Based on the recommendations on this thread I ordered it for my Kindle and I loved it. I read it straight through. Classic Winchester, informative, entertaining, and even a bit philosophic at times. Like Lidja and Chris, I have read several other books by Simon Winchester, including "The Professor and the Madman", "A Crack in the Edge of the World", "Krakatoa", and "The Alice Behind Wonderland". I enjoy the new history and the new facts that I never was aware of before reading Winchester - I also like his "British Accent"
Another writer that I have enjoyed greatly is David Roberts. He has written many, many books, about climbing, exploration and the desert southwest and other parts of the world. He started his life as a mountaineer while a student at Harvard, with many first ascents in Alaska after graduation. The first books of his that grabbed me were "In Search of the Old Ones" and "Sandstone Spine -Seeking the Anasazi on the First Traverse of Comb Ridge" because a dozen years ago I was riding and exploring a bit in southern Utah around Bluff and Blanding, mostly chasing petroglyphs and pictographs. I liked those books so much that I have read most of his work. Another that fascinated me was "Four Against the Arctic - Shipwrecked for six years at the top of the world" about 4 Russian sailors abandoned on Svalbard ( Spitzbergen) - Edgeøya in May of 1743 - and surviving for 6 years in the high Arctic with out any tools or firearms, killing polar bears with spears at times. Svalbard has the highest concentration of polar bears per square kilometer in the world. How do you survive scurvy - lack of Vit C - on the high arctic with no green plantlife? Roberts went to northern Russia to research the story which was unknown in the west, but the survivors went before the Czar in St Petersburg in 1749 so the tale was well documented in old Russia. Then Roberts decided to spend a month on Svalbard. This book is what led me to go looking for polar bears in Svalbard in 2016. I recommend a visit to Svalbard highly, the light in the high arctic is gorgeous. David Roberts latest book "Limits of the Known" is largely a reflection of his own imminent mortality - he was diagnosed with throat cancer, stage 4 in 2015, but has continued to travel and write as well as he can. Reminds me of another author with throat cancer that continued to write until near death - Ulysses S Grant, who's autobiography is worth reading as is his recent biography by Ron Chernow, who felt that Grant was the man who made Lincoln's proclamation of freeing the slaves, a fact, and an Amendment to the Constitution and hence a reality.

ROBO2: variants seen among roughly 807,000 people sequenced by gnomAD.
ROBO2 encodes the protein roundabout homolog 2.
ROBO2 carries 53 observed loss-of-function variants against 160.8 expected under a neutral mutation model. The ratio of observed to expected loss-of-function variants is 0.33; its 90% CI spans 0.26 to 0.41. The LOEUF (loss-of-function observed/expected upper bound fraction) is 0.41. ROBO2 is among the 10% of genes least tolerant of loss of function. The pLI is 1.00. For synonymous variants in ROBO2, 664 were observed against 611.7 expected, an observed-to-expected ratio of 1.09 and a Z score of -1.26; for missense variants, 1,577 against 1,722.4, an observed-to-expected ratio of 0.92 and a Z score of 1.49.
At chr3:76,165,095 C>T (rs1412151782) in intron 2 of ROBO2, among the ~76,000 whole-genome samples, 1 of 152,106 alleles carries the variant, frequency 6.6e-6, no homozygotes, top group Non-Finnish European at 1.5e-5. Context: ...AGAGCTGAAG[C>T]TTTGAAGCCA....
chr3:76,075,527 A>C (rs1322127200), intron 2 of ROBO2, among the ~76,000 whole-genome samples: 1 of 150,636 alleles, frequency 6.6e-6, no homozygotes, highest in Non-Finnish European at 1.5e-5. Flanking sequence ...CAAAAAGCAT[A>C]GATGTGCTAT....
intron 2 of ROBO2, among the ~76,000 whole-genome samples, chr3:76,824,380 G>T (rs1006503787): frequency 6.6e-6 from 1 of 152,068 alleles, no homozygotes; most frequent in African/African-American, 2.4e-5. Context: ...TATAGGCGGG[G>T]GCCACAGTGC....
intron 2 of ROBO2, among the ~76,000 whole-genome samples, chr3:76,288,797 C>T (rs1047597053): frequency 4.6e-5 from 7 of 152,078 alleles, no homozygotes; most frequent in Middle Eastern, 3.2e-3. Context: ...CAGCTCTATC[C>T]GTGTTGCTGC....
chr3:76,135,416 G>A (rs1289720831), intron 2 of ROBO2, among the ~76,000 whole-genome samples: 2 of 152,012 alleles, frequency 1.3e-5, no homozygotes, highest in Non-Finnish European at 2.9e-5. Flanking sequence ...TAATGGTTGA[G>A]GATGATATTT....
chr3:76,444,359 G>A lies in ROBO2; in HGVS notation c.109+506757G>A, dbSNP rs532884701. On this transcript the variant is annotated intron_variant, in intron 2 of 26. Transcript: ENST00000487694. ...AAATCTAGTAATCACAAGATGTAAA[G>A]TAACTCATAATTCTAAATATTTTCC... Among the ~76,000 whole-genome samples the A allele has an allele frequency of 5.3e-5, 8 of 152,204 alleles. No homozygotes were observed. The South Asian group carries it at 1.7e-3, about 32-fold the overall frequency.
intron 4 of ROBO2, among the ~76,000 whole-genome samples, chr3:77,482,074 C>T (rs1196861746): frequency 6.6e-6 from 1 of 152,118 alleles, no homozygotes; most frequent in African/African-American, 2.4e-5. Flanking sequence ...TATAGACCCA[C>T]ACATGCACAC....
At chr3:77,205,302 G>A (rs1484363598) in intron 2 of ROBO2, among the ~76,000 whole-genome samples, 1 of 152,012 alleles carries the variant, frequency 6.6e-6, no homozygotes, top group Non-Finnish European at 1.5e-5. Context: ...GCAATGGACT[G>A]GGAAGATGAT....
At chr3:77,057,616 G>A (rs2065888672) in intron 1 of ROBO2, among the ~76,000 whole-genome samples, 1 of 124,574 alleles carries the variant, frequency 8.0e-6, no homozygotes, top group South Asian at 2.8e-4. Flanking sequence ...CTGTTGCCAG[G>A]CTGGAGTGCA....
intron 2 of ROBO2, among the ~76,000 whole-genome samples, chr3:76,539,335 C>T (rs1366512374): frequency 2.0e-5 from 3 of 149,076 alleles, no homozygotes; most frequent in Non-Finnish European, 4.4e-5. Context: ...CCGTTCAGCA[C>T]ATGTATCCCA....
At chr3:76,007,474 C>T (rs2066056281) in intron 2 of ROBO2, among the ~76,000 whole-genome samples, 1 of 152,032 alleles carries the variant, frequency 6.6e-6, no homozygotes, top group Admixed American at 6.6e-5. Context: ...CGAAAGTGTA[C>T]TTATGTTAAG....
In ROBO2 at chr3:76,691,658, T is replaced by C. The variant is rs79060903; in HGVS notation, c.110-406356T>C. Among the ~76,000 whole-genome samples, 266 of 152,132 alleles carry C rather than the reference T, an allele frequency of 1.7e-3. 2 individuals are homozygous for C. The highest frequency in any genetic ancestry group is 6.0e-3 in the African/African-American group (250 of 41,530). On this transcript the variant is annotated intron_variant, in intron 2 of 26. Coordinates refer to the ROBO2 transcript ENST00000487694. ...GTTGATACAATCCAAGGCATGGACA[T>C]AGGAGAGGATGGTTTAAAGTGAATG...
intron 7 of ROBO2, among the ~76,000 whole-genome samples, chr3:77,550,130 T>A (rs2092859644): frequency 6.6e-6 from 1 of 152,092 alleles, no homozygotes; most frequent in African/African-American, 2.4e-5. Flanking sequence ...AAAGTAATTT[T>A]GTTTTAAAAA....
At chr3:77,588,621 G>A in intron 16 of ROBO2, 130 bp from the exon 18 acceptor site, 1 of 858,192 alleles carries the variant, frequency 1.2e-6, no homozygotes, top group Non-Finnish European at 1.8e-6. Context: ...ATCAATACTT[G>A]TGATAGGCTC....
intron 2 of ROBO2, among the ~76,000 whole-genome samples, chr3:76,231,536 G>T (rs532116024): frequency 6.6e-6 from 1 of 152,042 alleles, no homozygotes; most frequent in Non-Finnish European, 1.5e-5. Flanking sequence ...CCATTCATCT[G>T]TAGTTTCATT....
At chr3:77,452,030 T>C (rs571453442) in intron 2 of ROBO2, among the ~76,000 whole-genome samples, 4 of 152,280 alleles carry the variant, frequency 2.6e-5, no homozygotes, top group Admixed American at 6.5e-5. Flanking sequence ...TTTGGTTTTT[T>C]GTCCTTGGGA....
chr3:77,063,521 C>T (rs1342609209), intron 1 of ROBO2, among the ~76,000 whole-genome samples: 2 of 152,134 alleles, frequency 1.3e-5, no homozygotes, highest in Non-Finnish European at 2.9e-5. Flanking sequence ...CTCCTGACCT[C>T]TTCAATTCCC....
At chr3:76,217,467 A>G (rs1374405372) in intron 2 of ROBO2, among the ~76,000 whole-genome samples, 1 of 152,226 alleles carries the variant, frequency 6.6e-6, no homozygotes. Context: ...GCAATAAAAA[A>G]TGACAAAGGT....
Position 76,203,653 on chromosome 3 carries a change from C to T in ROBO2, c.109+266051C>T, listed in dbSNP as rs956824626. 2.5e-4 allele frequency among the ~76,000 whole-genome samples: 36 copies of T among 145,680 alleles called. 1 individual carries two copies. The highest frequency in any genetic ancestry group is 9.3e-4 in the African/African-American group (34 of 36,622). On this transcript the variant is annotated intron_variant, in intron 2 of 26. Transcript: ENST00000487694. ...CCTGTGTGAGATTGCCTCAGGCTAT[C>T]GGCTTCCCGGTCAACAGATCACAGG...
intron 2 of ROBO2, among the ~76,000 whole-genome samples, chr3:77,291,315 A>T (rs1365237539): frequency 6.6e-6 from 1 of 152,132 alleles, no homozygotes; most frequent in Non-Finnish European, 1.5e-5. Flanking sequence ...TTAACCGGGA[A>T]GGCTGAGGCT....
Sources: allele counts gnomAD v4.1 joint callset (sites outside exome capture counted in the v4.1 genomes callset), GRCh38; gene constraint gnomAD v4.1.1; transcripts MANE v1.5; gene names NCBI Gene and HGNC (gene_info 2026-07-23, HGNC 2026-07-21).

I am rambling now but always interested in discovering new well written and informative books.
I loved the early books of "The Expanse" more than the later ones.